An insurance company cannot take more than 10% equity stake in a company. The insurance watchdog, Insurance Regulatory and Development Authority (IRDA) had made an amendment in investment rule in 2008 which prohibits insurance companies from doing so. However, in a recent development, IRDA seems to be giving a second thought to this amendment. Now it is considering loosening up the cap of 10%. And we strongly believe that it is a welcome move in many senses.
First, this would provide the India capital market the access to much needed long term funds. The Indian equity markets have been at the mercy of foreign funds such as Foreign Institutional Investors (FIIs). The investment by the insurance funds may provide some kind of balancing act whenever the FIIs play truant. The recent large investment made by LIC in Infosys, the Indian Information Technology (IT) giant, is a good example in this regard.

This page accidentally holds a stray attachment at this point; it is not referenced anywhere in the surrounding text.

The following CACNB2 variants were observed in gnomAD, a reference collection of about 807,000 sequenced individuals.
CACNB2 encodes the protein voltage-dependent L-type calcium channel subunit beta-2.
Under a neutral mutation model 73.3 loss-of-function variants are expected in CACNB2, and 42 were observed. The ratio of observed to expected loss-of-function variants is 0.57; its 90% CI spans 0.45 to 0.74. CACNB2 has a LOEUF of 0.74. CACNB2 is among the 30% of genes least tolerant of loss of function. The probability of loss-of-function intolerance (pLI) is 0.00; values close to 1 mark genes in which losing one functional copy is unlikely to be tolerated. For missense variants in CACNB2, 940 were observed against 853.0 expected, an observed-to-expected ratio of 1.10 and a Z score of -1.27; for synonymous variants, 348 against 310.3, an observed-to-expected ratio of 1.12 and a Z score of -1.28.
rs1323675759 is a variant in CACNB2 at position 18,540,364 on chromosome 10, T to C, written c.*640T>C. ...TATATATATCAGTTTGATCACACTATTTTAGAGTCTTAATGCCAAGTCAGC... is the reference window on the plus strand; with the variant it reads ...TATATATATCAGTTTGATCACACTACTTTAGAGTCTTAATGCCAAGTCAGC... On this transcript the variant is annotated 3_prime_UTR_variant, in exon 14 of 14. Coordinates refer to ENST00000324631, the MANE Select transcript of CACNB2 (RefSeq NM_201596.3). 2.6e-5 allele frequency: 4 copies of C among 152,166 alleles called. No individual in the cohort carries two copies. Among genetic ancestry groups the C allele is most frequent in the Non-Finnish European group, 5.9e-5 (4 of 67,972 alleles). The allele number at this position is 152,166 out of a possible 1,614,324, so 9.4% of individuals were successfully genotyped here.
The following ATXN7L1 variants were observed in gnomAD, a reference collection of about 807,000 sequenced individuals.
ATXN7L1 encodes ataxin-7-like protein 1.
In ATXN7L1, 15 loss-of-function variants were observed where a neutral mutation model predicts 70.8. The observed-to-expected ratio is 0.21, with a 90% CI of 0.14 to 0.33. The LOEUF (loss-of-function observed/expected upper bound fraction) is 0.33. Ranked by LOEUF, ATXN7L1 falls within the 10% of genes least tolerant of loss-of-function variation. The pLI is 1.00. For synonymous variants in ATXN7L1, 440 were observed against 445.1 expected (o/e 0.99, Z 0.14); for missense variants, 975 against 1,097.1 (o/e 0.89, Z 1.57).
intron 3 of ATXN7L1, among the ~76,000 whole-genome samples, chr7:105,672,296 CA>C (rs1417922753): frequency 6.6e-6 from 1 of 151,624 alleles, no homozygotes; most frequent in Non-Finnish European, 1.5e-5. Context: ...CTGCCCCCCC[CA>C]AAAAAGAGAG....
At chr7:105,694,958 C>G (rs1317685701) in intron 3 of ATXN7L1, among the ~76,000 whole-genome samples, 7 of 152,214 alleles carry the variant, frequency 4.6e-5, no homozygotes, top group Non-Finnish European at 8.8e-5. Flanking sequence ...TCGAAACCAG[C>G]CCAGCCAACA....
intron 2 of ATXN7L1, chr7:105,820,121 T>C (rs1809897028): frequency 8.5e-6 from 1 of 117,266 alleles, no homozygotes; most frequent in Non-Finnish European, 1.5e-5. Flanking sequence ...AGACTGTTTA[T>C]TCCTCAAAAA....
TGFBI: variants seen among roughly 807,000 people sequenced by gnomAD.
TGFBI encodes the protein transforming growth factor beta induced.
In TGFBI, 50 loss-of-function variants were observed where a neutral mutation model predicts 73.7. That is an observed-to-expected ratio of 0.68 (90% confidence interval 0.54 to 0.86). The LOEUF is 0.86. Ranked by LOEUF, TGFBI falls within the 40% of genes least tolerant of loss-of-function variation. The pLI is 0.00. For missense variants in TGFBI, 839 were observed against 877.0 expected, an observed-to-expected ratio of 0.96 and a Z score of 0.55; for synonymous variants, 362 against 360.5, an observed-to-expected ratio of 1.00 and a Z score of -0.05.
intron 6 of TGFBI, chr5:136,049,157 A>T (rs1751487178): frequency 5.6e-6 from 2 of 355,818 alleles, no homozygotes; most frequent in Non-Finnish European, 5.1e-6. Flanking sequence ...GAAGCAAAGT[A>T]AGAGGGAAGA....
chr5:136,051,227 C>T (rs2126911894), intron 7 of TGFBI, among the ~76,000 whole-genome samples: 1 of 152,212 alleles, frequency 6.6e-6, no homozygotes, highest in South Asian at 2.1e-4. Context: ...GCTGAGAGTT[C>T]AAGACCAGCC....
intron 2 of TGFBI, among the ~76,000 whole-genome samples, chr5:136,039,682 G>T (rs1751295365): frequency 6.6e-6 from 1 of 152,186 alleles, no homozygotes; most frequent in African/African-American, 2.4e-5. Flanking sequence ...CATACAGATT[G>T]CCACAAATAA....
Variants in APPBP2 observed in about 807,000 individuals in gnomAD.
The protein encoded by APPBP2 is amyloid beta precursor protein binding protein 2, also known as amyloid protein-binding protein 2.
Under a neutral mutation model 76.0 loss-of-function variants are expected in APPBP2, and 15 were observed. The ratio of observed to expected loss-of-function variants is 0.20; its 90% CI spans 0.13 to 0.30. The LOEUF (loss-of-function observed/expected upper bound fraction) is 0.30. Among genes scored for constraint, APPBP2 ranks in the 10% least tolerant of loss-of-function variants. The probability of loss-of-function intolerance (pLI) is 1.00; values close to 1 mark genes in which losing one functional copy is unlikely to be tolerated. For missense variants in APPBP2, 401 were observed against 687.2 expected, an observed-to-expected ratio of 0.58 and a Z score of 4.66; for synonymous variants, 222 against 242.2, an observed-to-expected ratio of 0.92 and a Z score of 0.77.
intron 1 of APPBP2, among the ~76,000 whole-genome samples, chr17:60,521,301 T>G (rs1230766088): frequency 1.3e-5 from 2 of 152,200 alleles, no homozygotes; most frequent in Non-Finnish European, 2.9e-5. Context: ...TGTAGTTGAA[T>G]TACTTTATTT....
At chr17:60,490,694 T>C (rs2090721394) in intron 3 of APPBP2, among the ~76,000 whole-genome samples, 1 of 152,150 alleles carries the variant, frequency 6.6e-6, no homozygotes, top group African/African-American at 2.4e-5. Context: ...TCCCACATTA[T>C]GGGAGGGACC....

Second, it would give insurance companies more prospects to utilise any attractive opportunity they discover in the market. They would be having more flexibility while making their investment strategies.
Third, the largest insurance group in the country, LIC (Life Insurance Corporation of India) has already breached the 10% ceiling in as much as 78 companies. And it is under the scanner of the industry regulatory body. The Life Insurance Corporation Act of 1956 even allows the insurer to acquire up to 30% equity in companies after government approval. In addition, most of these investments were made before the 2008 amendment of IRDA act. However, LIC was considering to pare down its holdings especially in unlisted companies to bring it in line with the 10% investment ceiling. After the relaxation on the cap, LIC's task would be much easier.
However, the raised investment ceiling must not be used by the government for the fulfillment of its disinvestment target. Recently, concerns were raised by many experts on the manner in which LIC stepped in dramatically at the last minute and rescued the floundering Rs 124 bn auction of shares of Oil and Natural Gas Corporation Limited (ONGC). The reason was that the auction was happening at a premium over the prevailing market price.
Therefore, in our view, IRDA must keep a tab after the relaxation of the rule so that insurance companies exploit the relaxed ceiling for investment in attractive opportunities only.
Definitely, long term funds should be facilitated but not at the cost of policy holder's interests.